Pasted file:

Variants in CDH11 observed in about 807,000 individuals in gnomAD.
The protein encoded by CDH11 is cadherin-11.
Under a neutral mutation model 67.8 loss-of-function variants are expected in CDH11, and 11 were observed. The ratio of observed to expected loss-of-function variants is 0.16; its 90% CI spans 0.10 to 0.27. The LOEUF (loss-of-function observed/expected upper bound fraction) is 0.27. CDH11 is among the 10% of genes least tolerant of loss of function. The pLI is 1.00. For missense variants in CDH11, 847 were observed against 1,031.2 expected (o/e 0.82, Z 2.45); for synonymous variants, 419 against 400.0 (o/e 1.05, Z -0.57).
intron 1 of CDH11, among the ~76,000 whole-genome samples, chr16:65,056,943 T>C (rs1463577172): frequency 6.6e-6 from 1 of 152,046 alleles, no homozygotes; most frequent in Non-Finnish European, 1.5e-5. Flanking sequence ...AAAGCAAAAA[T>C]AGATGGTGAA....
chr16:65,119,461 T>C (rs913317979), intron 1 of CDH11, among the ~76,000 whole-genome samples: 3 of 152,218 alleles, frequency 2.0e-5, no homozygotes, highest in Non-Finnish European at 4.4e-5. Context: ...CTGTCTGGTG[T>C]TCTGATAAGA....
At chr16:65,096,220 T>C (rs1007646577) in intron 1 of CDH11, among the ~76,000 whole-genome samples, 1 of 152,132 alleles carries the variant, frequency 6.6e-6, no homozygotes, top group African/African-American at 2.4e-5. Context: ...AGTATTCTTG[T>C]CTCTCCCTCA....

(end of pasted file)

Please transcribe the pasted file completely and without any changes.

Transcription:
Variants in CDH11 observed in about 807,000 individuals in gnomAD.
The protein encoded by CDH11 is cadherin-11.
Under a neutral mutation model 67.8 loss-of-function variants are expected in CDH11, and 11 were observed. The ratio of observed to expected loss-of-function variants is 0.16; its 90% CI spans 0.10 to 0.27. The LOEUF (loss-of-function observed/expected upper bound fraction) is 0.27. CDH11 is among the 10% of genes least tolerant of loss of function. The pLI is 1.00. For missense variants in CDH11, 847 were observed against 1,031.2 expected (o/e 0.82, Z 2.45); for synonymous variants, 419 against 400.0 (o/e 1.05, Z -0.57).
intron 1 of CDH11, among the ~76,000 whole-genome samples, chr16:65,056,943 T>C (rs1463577172): frequency 6.6e-6 from 1 of 152,046 alleles, no homozygotes; most frequent in Non-Finnish European, 1.5e-5. Flanking sequence ...AAAGCAAAAA[T>C]AGATGGTGAA....
chr16:65,119,461 T>C (rs913317979), intron 1 of CDH11, among the ~76,000 whole-genome samples: 3 of 152,218 alleles, frequency 2.0e-5, no homozygotes, highest in Non-Finnish European at 4.4e-5. Context: ...CTGTCTGGTG[T>C]TCTGATAAGA....
At chr16:65,096,220 T>C (rs1007646577) in intron 1 of CDH11, among the ~76,000 whole-genome samples, 1 of 152,132 alleles carries the variant, frequency 6.6e-6, no homozygotes, top group African/African-American at 2.4e-5. Context: ...AGTATTCTTG[T>C]CTCTCCCTCA....